Above: Now!

below Then!

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Old 01-13-2011, 01:56 PM   #6
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Here is a shot of an old Bowling alley hidden in our Pennsylvania Countryside. Two lanes and you have to set your own pins up.dated around the early 1800's



Oh! it was a post office as well.
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Old 01-13-2011, 04:26 PM   #7
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The reason for the railroad

Some one sent me a pm and I didn't know how to use that tool. I just figure everyone would get this as the question often comes up. It is interesting subject as i have been doing this for 15 years.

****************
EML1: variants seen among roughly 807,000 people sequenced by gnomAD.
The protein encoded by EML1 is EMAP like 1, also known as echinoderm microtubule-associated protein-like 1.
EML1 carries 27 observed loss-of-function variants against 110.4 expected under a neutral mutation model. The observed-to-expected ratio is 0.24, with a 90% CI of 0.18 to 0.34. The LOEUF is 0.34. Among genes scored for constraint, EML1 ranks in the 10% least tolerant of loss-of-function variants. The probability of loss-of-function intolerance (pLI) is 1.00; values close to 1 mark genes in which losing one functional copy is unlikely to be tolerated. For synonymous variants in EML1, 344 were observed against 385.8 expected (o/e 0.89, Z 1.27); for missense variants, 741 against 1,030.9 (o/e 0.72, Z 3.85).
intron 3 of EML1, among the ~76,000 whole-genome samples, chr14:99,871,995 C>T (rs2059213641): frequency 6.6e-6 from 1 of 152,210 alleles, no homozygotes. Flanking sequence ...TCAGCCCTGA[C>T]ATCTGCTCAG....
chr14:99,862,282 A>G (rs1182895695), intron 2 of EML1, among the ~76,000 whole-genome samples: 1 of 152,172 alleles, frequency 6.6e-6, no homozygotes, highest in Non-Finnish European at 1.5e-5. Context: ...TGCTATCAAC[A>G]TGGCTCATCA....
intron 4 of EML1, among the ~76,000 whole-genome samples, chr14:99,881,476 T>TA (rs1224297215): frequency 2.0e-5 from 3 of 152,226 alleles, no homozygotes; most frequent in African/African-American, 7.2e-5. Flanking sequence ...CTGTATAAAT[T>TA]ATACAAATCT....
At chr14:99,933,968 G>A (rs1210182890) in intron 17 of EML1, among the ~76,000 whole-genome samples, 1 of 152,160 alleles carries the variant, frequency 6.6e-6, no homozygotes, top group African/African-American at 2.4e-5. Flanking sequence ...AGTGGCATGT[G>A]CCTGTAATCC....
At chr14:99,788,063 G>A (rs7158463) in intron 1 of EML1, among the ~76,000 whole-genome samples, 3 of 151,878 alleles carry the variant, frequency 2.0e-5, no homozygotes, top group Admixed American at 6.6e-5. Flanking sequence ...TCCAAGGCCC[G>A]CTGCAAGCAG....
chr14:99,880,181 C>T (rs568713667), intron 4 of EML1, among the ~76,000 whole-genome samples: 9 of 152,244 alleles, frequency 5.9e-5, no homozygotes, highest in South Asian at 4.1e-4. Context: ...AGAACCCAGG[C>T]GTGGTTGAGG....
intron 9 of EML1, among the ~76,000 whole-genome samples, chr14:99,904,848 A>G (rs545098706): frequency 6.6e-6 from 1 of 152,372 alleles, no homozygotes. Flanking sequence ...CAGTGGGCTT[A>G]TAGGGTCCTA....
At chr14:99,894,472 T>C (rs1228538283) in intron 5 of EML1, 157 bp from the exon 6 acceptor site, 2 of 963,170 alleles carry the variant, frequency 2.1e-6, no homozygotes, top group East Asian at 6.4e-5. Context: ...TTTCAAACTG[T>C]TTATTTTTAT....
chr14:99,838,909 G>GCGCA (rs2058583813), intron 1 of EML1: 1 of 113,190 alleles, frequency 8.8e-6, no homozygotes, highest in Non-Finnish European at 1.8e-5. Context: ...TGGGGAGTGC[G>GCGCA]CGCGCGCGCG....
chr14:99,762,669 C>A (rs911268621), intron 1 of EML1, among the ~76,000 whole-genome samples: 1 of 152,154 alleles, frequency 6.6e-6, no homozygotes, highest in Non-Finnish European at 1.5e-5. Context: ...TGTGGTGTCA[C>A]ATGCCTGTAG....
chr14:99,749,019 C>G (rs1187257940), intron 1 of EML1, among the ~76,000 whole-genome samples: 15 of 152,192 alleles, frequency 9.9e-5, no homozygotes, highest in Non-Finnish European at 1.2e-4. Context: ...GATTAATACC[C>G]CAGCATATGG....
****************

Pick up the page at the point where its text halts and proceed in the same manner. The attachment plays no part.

OK! here is the deal on that Bessemer & Lake Erie Railroad. Carnegie was not the starting factor of the South Pennsylvania Railroad that eventually became the Pennsylvania Turnpike. It was Wm. Vanderbilt. he didn't want to start that line but wanted it to be built because the Pennsylvania Railroad was backing the West Shore a shadow line along his New York Central corridor. Can you say Invader? He found that the Pennsylvania Railroad was backing the West Shore. So he invaded Pennsylvania country along the southern tier where the Turnpike is located today. However he was doing this in the hopes that the Pennsylvania Railroad would vacate New York country and quit backing the West Shore. Instead the Pennsylvania Railroad didn't back down and went deeper into building the West Shore by supplies and motive power. So Vanderbilt continued building the South Pennsylvania Railroad as well. However J.P. Morgan bought a good amount of the New York Central stock just staying outside of being the majority owner. He went to England to sell his stock and found that the South Pennsylvania was a new problem along with the Pennsylvania Railroad & West Shore. So he hurried back from England. While en route, Carnegie convinced Vanderbilt that he had more investors and that he should continue building instead of dropping the construction of the South Pennsylvania Railroad. So with new influx of fresh cash, Vanderbilt went on. But he still had reservations. It wasn't until J. P. Morgam steeped off his tour that the deal to switch railroads amongst enemies took place and the South Pennsylvania Railroad was to become Pennsylvania Railroad ownership and the West Shore New York Central. But by that time Pennsylvania in acted a law forbidding ownership of a route that could be utilized but locked up so it couldn't be a competition route was an illegal act. The Pennsylvania Railroad had to leave the South Pennsylvania Railroad alone and it became the B&O and the Pennsylvania Railroad as well. They were allowed to cut it up only. Nothing was done so for fifty years it sat until the Pennsylvania Turnpike was dreamed up and the rest is history.